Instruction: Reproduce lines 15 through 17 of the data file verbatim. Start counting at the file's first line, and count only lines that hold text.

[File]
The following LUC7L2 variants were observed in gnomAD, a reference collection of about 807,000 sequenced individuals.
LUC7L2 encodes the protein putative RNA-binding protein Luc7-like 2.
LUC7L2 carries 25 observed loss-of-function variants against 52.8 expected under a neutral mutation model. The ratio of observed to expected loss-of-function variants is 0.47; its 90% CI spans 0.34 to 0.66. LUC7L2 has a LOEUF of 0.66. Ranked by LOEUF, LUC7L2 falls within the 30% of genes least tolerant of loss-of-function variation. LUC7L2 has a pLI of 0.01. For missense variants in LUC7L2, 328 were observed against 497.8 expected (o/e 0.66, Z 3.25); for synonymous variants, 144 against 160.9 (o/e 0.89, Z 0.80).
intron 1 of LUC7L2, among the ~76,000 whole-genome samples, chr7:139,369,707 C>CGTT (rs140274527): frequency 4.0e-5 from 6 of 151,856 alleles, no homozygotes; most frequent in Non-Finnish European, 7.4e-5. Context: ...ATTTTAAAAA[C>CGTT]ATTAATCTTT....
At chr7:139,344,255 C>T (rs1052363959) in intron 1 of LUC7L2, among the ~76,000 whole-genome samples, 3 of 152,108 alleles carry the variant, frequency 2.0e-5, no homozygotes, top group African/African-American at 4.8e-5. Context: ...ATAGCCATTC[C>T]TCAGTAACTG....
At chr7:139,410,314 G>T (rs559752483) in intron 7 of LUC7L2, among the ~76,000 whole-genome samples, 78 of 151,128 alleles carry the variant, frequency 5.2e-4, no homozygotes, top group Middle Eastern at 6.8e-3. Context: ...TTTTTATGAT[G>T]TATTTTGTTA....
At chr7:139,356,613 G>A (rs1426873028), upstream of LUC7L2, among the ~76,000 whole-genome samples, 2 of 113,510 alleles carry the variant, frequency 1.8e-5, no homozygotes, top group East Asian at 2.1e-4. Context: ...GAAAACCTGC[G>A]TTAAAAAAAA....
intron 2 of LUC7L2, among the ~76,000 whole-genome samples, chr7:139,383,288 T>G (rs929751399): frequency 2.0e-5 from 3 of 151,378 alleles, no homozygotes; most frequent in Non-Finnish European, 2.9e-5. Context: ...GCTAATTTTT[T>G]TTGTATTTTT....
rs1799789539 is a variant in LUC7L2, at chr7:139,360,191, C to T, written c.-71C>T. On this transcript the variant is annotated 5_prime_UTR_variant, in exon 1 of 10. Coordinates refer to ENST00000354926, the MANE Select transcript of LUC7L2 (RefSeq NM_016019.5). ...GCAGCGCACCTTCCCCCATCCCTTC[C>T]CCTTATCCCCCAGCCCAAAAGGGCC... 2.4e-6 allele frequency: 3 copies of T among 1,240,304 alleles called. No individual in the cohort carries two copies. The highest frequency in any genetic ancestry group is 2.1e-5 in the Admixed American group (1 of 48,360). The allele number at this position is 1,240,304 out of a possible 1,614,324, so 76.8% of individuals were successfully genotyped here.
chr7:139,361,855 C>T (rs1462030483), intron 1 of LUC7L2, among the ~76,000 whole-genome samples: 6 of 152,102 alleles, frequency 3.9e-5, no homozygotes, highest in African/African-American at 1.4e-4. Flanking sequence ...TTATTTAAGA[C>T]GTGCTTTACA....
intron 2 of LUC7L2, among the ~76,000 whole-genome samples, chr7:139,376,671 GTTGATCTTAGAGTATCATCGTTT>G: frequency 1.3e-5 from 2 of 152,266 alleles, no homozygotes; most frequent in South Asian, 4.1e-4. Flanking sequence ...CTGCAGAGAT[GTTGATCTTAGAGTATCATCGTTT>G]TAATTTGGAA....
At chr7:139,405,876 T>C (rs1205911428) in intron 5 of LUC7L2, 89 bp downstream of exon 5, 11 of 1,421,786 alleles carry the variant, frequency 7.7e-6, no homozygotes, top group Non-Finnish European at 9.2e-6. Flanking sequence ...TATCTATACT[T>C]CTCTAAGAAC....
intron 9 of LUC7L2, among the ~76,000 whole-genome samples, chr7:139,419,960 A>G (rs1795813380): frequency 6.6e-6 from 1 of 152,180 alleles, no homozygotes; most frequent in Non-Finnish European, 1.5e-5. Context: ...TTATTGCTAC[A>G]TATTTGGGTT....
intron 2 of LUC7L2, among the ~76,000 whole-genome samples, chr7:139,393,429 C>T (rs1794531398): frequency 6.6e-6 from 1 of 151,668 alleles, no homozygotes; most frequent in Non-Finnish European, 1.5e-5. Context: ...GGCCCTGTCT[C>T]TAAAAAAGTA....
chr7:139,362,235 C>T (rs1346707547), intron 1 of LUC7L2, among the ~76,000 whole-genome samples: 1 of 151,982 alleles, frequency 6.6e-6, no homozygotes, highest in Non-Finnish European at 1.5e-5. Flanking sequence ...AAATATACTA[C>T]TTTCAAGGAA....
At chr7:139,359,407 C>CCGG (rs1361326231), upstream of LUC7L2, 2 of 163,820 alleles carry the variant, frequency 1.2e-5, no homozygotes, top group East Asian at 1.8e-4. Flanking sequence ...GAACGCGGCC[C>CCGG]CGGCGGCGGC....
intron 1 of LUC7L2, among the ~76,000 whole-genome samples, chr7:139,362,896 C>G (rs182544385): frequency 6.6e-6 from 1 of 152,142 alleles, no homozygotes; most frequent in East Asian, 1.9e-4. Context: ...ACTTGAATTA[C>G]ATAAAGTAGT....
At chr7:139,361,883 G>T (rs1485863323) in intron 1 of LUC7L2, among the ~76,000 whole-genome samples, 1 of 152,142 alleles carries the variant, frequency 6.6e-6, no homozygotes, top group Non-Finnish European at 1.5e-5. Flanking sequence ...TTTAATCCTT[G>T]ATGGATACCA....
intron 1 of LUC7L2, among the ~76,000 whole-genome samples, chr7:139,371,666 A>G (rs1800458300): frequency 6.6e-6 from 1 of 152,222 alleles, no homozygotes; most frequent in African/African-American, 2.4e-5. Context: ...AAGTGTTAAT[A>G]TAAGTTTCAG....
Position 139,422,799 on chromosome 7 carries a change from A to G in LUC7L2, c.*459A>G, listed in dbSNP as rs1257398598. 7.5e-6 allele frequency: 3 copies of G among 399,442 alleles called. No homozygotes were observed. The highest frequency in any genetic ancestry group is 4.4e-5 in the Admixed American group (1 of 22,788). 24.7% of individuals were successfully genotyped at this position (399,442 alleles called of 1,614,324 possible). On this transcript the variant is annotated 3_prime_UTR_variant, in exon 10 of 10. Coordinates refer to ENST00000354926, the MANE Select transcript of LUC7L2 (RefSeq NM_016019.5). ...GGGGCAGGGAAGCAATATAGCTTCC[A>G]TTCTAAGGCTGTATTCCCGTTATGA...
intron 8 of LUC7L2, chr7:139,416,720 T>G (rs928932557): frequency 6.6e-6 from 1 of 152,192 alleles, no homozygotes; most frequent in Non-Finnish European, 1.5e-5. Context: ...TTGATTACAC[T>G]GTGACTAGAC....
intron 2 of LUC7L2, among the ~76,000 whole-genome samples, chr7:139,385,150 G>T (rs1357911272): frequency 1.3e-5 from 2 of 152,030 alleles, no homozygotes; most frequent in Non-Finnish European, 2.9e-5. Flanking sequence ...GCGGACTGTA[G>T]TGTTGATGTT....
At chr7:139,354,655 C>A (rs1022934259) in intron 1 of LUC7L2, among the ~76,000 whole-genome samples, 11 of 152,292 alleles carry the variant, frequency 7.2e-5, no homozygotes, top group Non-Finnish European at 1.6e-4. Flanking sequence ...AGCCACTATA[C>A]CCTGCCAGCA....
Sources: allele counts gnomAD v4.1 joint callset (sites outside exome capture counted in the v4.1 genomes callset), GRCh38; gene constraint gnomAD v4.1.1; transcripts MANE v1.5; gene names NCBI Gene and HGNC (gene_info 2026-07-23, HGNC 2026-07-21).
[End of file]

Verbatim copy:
chr7:139,362,235 C>T (rs1346707547), intron 1 of LUC7L2, among the ~76,000 whole-genome samples: 1 of 151,982 alleles, frequency 6.6e-6, no homozygotes, highest in Non-Finnish European at 1.5e-5. Flanking sequence ...AAATATACTA[C>T]TTTCAAGGAA....
At chr7:139,359,407 C>CCGG (rs1361326231), upstream of LUC7L2, 2 of 163,820 alleles carry the variant, frequency 1.2e-5, no homozygotes, top group East Asian at 1.8e-4. Flanking sequence ...GAACGCGGCC[C>CCGG]CGGCGGCGGC....
intron 1 of LUC7L2, among the ~76,000 whole-genome samples, chr7:139,362,896 C>G (rs182544385): frequency 6.6e-6 from 1 of 152,142 alleles, no homozygotes; most frequent in East Asian, 1.9e-4. Context: ...ACTTGAATTA[C>G]ATAAAGTAGT....